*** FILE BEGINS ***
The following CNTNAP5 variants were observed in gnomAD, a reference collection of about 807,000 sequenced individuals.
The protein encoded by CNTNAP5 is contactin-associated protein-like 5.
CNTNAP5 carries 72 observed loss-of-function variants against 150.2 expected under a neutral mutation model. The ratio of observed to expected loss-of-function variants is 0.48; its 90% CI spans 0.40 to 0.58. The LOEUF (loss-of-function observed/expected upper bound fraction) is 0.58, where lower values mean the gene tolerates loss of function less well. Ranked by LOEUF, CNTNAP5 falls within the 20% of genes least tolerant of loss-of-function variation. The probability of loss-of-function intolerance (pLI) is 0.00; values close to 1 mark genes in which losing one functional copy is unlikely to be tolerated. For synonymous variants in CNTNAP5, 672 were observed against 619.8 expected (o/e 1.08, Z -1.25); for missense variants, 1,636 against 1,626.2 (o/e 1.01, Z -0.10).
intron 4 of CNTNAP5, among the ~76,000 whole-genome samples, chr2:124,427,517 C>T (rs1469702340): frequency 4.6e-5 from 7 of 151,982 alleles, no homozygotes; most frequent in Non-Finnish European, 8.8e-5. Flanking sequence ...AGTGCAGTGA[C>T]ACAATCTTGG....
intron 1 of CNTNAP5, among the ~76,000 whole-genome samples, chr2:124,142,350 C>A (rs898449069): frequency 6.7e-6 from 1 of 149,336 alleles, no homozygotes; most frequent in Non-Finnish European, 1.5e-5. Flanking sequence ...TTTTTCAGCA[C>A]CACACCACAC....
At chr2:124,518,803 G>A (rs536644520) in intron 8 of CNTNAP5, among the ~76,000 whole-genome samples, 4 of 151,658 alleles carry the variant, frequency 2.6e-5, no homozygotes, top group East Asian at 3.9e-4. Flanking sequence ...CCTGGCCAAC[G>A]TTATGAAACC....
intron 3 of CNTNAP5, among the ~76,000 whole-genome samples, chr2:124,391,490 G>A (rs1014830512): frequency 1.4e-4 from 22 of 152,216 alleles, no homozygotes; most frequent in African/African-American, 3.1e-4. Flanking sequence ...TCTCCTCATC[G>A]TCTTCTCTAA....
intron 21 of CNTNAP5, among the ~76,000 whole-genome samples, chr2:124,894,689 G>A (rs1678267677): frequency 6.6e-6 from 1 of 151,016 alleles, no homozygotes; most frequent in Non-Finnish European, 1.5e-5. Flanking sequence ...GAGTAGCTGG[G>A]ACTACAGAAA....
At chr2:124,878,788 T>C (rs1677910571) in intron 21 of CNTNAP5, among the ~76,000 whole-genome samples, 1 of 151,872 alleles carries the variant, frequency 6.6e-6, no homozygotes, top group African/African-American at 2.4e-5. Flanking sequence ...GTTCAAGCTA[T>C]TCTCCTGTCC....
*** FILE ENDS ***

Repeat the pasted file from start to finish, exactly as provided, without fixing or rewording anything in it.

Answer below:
The following CNTNAP5 variants were observed in gnomAD, a reference collection of about 807,000 sequenced individuals.
The protein encoded by CNTNAP5 is contactin-associated protein-like 5.
CNTNAP5 carries 72 observed loss-of-function variants against 150.2 expected under a neutral mutation model. The ratio of observed to expected loss-of-function variants is 0.48; its 90% CI spans 0.40 to 0.58. The LOEUF (loss-of-function observed/expected upper bound fraction) is 0.58, where lower values mean the gene tolerates loss of function less well. Ranked by LOEUF, CNTNAP5 falls within the 20% of genes least tolerant of loss-of-function variation. The probability of loss-of-function intolerance (pLI) is 0.00; values close to 1 mark genes in which losing one functional copy is unlikely to be tolerated. For synonymous variants in CNTNAP5, 672 were observed against 619.8 expected (o/e 1.08, Z -1.25); for missense variants, 1,636 against 1,626.2 (o/e 1.01, Z -0.10).
intron 4 of CNTNAP5, among the ~76,000 whole-genome samples, chr2:124,427,517 C>T (rs1469702340): frequency 4.6e-5 from 7 of 151,982 alleles, no homozygotes; most frequent in Non-Finnish European, 8.8e-5. Flanking sequence ...AGTGCAGTGA[C>T]ACAATCTTGG....
intron 1 of CNTNAP5, among the ~76,000 whole-genome samples, chr2:124,142,350 C>A (rs898449069): frequency 6.7e-6 from 1 of 149,336 alleles, no homozygotes; most frequent in Non-Finnish European, 1.5e-5. Flanking sequence ...TTTTTCAGCA[C>A]CACACCACAC....
At chr2:124,518,803 G>A (rs536644520) in intron 8 of CNTNAP5, among the ~76,000 whole-genome samples, 4 of 151,658 alleles carry the variant, frequency 2.6e-5, no homozygotes, top group East Asian at 3.9e-4. Flanking sequence ...CCTGGCCAAC[G>A]TTATGAAACC....
intron 3 of CNTNAP5, among the ~76,000 whole-genome samples, chr2:124,391,490 G>A (rs1014830512): frequency 1.4e-4 from 22 of 152,216 alleles, no homozygotes; most frequent in African/African-American, 3.1e-4. Flanking sequence ...TCTCCTCATC[G>A]TCTTCTCTAA....
intron 21 of CNTNAP5, among the ~76,000 whole-genome samples, chr2:124,894,689 G>A (rs1678267677): frequency 6.6e-6 from 1 of 151,016 alleles, no homozygotes; most frequent in Non-Finnish European, 1.5e-5. Flanking sequence ...GAGTAGCTGG[G>A]ACTACAGAAA....
At chr2:124,878,788 T>C (rs1677910571) in intron 21 of CNTNAP5, among the ~76,000 whole-genome samples, 1 of 151,872 alleles carries the variant, frequency 6.6e-6, no homozygotes, top group African/African-American at 2.4e-5. Flanking sequence ...GTTCAAGCTA[T>C]TCTCCTGTCC....